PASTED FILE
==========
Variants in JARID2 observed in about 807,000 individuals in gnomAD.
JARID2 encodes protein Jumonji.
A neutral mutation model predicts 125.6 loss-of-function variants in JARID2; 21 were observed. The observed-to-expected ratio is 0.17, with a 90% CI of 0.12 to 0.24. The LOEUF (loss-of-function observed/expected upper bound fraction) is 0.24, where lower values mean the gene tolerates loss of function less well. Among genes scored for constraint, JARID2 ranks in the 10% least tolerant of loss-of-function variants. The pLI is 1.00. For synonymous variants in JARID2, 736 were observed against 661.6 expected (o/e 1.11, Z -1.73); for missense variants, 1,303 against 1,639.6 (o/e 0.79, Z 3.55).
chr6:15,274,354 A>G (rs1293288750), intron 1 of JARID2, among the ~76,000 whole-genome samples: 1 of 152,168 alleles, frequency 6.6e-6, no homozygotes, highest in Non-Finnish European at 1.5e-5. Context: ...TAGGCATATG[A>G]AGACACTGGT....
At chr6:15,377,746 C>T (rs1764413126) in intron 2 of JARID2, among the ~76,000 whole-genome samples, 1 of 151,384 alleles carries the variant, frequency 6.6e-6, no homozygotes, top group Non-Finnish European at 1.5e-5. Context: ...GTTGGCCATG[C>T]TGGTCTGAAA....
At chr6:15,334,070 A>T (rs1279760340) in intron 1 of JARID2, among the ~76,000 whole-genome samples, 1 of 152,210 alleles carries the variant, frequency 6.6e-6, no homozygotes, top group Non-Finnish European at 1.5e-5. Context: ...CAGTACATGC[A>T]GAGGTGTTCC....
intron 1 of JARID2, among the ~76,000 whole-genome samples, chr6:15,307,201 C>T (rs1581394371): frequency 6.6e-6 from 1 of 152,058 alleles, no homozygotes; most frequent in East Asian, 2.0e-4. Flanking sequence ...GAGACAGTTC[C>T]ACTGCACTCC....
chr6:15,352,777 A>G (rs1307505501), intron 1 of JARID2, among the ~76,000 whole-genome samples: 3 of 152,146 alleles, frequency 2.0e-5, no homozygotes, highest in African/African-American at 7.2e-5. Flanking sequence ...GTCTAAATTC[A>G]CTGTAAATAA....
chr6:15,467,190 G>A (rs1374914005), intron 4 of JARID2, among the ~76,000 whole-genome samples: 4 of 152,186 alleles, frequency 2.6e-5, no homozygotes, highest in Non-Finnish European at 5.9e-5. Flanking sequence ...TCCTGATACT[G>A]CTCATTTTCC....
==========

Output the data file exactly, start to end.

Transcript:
Variants in JARID2 observed in about 807,000 individuals in gnomAD.
JARID2 encodes protein Jumonji.
A neutral mutation model predicts 125.6 loss-of-function variants in JARID2; 21 were observed. The observed-to-expected ratio is 0.17, with a 90% CI of 0.12 to 0.24. The LOEUF (loss-of-function observed/expected upper bound fraction) is 0.24, where lower values mean the gene tolerates loss of function less well. Among genes scored for constraint, JARID2 ranks in the 10% least tolerant of loss-of-function variants. The pLI is 1.00. For synonymous variants in JARID2, 736 were observed against 661.6 expected (o/e 1.11, Z -1.73); for missense variants, 1,303 against 1,639.6 (o/e 0.79, Z 3.55).
chr6:15,274,354 A>G (rs1293288750), intron 1 of JARID2, among the ~76,000 whole-genome samples: 1 of 152,168 alleles, frequency 6.6e-6, no homozygotes, highest in Non-Finnish European at 1.5e-5. Context: ...TAGGCATATG[A>G]AGACACTGGT....
At chr6:15,377,746 C>T (rs1764413126) in intron 2 of JARID2, among the ~76,000 whole-genome samples, 1 of 151,384 alleles carries the variant, frequency 6.6e-6, no homozygotes, top group Non-Finnish European at 1.5e-5. Context: ...GTTGGCCATG[C>T]TGGTCTGAAA....
At chr6:15,334,070 A>T (rs1279760340) in intron 1 of JARID2, among the ~76,000 whole-genome samples, 1 of 152,210 alleles carries the variant, frequency 6.6e-6, no homozygotes, top group Non-Finnish European at 1.5e-5. Context: ...CAGTACATGC[A>T]GAGGTGTTCC....
intron 1 of JARID2, among the ~76,000 whole-genome samples, chr6:15,307,201 C>T (rs1581394371): frequency 6.6e-6 from 1 of 152,058 alleles, no homozygotes; most frequent in East Asian, 2.0e-4. Flanking sequence ...GAGACAGTTC[C>T]ACTGCACTCC....
chr6:15,352,777 A>G (rs1307505501), intron 1 of JARID2, among the ~76,000 whole-genome samples: 3 of 152,146 alleles, frequency 2.0e-5, no homozygotes, highest in African/African-American at 7.2e-5. Flanking sequence ...GTCTAAATTC[A>G]CTGTAAATAA....
chr6:15,467,190 G>A (rs1374914005), intron 4 of JARID2, among the ~76,000 whole-genome samples: 4 of 152,186 alleles, frequency 2.6e-5, no homozygotes, highest in Non-Finnish European at 5.9e-5. Flanking sequence ...TCCTGATACT[G>A]CTCATTTTCC....